Schaie uncovered many individual differences as well; some people showed developmental patterns closely approximating the overall trends, but others showed unusual patterns. For example, some individuals showed steady declines in most abilities beginning in their 40s and 50s, others showed declines in some abilities but not others, but some people showed little change
in most abilities over a 14-year period. Such individual variation in developmental patterns means that average trends, like those depicted in the figures, must be interpreted cautiously; they reflect group averages and do not represent the patterns shown by each person in the group.

Another key finding is that how intellectual abilities are organized in people does not change over time (Schaie et al.,

1998) . This finding is important because it means that the tests, which presuppose a particular organizational structure of intellectual abilities, can be used across different ages. Additionally, Schaie (1994) identified several variables that appear to reduce the risk of cognitive decline in old age:

• Absence of cardiovascular and other chronic diseases

• Living in favorable environmental conditions (such as good housing)

Figure 1.10 Cohort differences in intellectual functions from birth cohorts between 1889 and 1973.

Source: From “Intellectual Development Across Adulthood" by K. Warner Schaie and Faika A. K. Zanjani, in Handbook of Adult Development and Learning, ed. by C. Hoare, p. 106. Copyright © 2006 by Oxford University Press.

 

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Verbal meaning Spatial orientation Inductive reasoning

 

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Word fluency Intellectual ability

 

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Cohort (year of birth)

 

Studying Adult Development and Aging 29

 

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• Remaining cognitively active through reading and lifelong learning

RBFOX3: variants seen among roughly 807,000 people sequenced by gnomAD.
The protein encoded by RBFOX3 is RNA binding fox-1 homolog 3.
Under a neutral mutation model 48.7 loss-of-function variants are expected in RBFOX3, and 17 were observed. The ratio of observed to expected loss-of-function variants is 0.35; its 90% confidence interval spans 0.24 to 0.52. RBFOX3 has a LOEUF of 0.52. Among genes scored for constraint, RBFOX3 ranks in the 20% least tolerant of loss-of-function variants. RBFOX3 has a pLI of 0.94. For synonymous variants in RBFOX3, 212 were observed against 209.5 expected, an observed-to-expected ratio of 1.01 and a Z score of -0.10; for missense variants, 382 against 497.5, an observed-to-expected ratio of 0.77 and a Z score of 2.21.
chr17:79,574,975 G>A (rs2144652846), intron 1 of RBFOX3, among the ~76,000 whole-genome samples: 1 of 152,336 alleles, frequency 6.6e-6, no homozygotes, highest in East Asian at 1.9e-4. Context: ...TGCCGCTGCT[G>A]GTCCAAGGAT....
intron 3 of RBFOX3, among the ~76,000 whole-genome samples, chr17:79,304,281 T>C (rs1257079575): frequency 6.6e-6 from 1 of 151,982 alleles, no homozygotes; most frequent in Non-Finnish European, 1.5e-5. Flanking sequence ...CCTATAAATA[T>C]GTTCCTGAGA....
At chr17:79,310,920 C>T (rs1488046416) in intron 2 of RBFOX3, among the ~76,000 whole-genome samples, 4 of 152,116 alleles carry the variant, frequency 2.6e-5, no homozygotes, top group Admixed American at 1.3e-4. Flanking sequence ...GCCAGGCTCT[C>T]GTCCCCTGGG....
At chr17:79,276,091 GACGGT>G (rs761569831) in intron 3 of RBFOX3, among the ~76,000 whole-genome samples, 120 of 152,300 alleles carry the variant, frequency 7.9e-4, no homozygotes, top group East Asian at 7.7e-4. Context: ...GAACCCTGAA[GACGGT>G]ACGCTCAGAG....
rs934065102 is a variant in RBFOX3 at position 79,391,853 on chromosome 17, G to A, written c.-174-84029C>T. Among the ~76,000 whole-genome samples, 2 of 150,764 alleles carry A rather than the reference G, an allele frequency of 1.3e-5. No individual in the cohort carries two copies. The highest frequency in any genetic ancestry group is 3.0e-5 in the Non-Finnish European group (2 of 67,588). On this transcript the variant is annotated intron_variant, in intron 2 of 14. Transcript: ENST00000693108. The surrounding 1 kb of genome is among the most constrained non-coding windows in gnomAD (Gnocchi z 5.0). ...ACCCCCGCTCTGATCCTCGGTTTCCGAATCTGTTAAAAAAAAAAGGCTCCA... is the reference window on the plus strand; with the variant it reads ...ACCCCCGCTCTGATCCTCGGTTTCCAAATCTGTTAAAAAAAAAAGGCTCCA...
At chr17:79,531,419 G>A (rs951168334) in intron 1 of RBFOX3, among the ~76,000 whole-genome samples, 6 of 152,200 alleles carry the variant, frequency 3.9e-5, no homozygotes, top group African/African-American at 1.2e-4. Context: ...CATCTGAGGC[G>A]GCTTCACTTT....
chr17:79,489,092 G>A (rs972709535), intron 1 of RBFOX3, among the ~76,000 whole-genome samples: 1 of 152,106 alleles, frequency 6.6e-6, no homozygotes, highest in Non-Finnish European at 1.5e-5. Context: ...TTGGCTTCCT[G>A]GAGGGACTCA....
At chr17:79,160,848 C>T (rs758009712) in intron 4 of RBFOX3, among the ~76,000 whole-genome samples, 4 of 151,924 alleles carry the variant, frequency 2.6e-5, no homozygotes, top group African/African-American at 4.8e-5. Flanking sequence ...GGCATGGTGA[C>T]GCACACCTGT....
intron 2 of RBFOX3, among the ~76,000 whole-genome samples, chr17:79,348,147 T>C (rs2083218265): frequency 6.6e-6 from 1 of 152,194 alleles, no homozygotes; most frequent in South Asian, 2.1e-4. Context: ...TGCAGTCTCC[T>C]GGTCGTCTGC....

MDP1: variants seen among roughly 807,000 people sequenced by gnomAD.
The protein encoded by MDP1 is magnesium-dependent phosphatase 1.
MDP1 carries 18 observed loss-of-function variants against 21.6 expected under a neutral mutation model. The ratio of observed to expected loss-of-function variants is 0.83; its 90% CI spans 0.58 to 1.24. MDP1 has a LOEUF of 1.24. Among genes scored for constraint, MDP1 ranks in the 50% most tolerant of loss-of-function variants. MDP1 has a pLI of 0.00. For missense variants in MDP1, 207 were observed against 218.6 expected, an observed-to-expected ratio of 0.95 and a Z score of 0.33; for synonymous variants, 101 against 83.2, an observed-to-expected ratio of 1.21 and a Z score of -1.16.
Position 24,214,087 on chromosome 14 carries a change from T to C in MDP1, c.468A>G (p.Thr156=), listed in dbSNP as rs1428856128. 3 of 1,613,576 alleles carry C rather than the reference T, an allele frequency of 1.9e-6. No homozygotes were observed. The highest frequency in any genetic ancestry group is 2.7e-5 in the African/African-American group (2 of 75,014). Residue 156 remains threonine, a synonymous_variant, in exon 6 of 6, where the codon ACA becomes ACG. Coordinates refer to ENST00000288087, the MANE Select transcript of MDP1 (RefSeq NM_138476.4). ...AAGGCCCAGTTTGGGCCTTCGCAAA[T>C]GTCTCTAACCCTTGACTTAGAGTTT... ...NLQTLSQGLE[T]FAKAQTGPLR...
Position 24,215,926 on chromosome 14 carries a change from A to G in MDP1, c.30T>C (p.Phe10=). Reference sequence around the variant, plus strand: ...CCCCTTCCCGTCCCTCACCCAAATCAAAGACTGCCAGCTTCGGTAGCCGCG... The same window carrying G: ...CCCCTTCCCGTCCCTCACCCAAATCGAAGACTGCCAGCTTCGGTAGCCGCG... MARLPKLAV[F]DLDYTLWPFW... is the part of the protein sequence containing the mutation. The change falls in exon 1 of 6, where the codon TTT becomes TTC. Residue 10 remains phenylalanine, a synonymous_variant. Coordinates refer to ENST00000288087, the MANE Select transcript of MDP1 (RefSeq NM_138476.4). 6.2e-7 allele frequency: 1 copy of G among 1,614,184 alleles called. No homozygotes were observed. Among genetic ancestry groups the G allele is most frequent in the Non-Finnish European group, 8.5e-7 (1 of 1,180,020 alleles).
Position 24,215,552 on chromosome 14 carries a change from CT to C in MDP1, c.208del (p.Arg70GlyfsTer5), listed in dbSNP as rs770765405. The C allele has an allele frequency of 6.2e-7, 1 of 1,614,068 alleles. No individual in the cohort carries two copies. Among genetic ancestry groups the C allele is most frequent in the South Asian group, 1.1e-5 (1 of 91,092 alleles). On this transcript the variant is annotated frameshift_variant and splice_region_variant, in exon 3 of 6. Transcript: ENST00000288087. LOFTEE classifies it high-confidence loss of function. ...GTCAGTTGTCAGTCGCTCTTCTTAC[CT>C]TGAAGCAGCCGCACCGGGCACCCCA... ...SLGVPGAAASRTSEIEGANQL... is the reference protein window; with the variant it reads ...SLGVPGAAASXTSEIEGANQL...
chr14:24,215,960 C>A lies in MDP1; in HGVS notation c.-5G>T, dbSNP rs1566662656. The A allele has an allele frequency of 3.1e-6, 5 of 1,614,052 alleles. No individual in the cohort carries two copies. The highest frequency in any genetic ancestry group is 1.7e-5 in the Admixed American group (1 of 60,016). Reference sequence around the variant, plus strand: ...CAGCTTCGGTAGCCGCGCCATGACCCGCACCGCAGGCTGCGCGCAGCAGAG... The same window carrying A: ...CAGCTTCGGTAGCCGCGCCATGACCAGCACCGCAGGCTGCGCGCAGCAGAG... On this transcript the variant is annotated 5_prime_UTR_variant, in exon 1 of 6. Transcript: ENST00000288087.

• Having a flexible personality style in middle age

• Being married to a person with high cognitive status

• Being satisfied with one’s life achievements in middle age

What did the investigator conclude? Three points are clear. First, intellectual development during adulthood is marked by a gradual leveling off of gains, followed by a period of relative stability, and then a time of gradual decline in most abilities. Second, these trends vary from one cohort to another. Third, individual patterns of change vary considerably from person to person.

Overall, Schaie’s findings indicate that intellectual development in adulthood is influenced by a wide variety of health, environmental, personality, and relationship factors. By attending to these influences throughout adulthood, we can at least stack the deck in favor of maintaining good intellectual functioning in late life.

What converging evidence would strengthen these conclusions? Although Schaie’s study is one of the most comprehensive ever conducted, it is limited. Studying people who live in different locations around the world would provide evidence as to whether the results are limited geographically. Additional cross-cultural evidence comparing people with different economic backgrounds and differing access to health care would also provide insight into the effects of these variables on intellectual development.